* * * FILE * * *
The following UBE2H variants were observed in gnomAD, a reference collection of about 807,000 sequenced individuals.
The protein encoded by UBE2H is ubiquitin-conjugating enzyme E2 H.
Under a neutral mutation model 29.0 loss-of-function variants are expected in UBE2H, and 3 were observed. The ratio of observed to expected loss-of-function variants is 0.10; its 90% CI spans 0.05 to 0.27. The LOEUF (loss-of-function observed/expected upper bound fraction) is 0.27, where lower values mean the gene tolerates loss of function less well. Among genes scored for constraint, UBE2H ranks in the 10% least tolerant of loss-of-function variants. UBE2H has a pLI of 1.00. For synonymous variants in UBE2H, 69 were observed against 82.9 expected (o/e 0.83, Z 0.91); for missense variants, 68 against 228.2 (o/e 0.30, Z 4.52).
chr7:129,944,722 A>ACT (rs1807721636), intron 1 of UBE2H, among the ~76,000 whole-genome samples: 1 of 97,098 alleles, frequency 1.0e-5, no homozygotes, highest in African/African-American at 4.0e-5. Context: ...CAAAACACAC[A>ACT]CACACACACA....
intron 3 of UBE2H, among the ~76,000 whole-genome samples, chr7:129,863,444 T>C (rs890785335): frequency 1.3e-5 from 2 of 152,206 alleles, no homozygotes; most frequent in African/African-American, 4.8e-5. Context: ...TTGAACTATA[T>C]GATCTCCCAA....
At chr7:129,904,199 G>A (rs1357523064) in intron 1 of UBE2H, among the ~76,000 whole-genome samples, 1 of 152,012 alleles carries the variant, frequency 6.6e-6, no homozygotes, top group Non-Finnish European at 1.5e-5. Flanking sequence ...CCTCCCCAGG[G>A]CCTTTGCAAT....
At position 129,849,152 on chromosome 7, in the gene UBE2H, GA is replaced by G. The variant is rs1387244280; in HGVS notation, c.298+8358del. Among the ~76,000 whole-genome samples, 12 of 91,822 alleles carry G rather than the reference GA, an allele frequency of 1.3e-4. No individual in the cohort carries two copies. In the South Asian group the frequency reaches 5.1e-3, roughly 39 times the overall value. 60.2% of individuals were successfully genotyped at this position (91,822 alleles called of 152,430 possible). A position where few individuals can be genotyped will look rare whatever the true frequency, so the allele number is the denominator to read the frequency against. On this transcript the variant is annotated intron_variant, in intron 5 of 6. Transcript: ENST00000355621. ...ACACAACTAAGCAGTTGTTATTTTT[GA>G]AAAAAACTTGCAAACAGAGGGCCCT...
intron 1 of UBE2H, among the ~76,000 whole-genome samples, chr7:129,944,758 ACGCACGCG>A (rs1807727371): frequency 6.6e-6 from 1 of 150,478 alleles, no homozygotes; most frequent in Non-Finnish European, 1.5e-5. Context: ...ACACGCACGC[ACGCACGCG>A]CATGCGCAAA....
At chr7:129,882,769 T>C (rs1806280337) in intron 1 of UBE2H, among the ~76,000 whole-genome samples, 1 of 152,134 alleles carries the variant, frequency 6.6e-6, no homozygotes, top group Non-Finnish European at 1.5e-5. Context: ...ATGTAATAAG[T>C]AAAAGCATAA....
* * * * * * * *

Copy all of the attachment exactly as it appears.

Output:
The following UBE2H variants were observed in gnomAD, a reference collection of about 807,000 sequenced individuals.
The protein encoded by UBE2H is ubiquitin-conjugating enzyme E2 H.
Under a neutral mutation model 29.0 loss-of-function variants are expected in UBE2H, and 3 were observed. The ratio of observed to expected loss-of-function variants is 0.10; its 90% CI spans 0.05 to 0.27. The LOEUF (loss-of-function observed/expected upper bound fraction) is 0.27, where lower values mean the gene tolerates loss of function less well. Among genes scored for constraint, UBE2H ranks in the 10% least tolerant of loss-of-function variants. UBE2H has a pLI of 1.00. For synonymous variants in UBE2H, 69 were observed against 82.9 expected (o/e 0.83, Z 0.91); for missense variants, 68 against 228.2 (o/e 0.30, Z 4.52).
chr7:129,944,722 A>ACT (rs1807721636), intron 1 of UBE2H, among the ~76,000 whole-genome samples: 1 of 97,098 alleles, frequency 1.0e-5, no homozygotes, highest in African/African-American at 4.0e-5. Context: ...CAAAACACAC[A>ACT]CACACACACA....
intron 3 of UBE2H, among the ~76,000 whole-genome samples, chr7:129,863,444 T>C (rs890785335): frequency 1.3e-5 from 2 of 152,206 alleles, no homozygotes; most frequent in African/African-American, 4.8e-5. Context: ...TTGAACTATA[T>C]GATCTCCCAA....
At chr7:129,904,199 G>A (rs1357523064) in intron 1 of UBE2H, among the ~76,000 whole-genome samples, 1 of 152,012 alleles carries the variant, frequency 6.6e-6, no homozygotes, top group Non-Finnish European at 1.5e-5. Flanking sequence ...CCTCCCCAGG[G>A]CCTTTGCAAT....
At position 129,849,152 on chromosome 7, in the gene UBE2H, GA is replaced by G. The variant is rs1387244280; in HGVS notation, c.298+8358del. Among the ~76,000 whole-genome samples, 12 of 91,822 alleles carry G rather than the reference GA, an allele frequency of 1.3e-4. No individual in the cohort carries two copies. In the South Asian group the frequency reaches 5.1e-3, roughly 39 times the overall value. 60.2% of individuals were successfully genotyped at this position (91,822 alleles called of 152,430 possible). A position where few individuals can be genotyped will look rare whatever the true frequency, so the allele number is the denominator to read the frequency against. On this transcript the variant is annotated intron_variant, in intron 5 of 6. Transcript: ENST00000355621. ...ACACAACTAAGCAGTTGTTATTTTT[GA>G]AAAAAACTTGCAAACAGAGGGCCCT...
intron 1 of UBE2H, among the ~76,000 whole-genome samples, chr7:129,944,758 ACGCACGCG>A (rs1807727371): frequency 6.6e-6 from 1 of 150,478 alleles, no homozygotes; most frequent in Non-Finnish European, 1.5e-5. Context: ...ACACGCACGC[ACGCACGCG>A]CATGCGCAAA....
At chr7:129,882,769 T>C (rs1806280337) in intron 1 of UBE2H, among the ~76,000 whole-genome samples, 1 of 152,134 alleles carries the variant, frequency 6.6e-6, no homozygotes, top group Non-Finnish European at 1.5e-5. Context: ...ATGTAATAAG[T>C]AAAAGCATAA....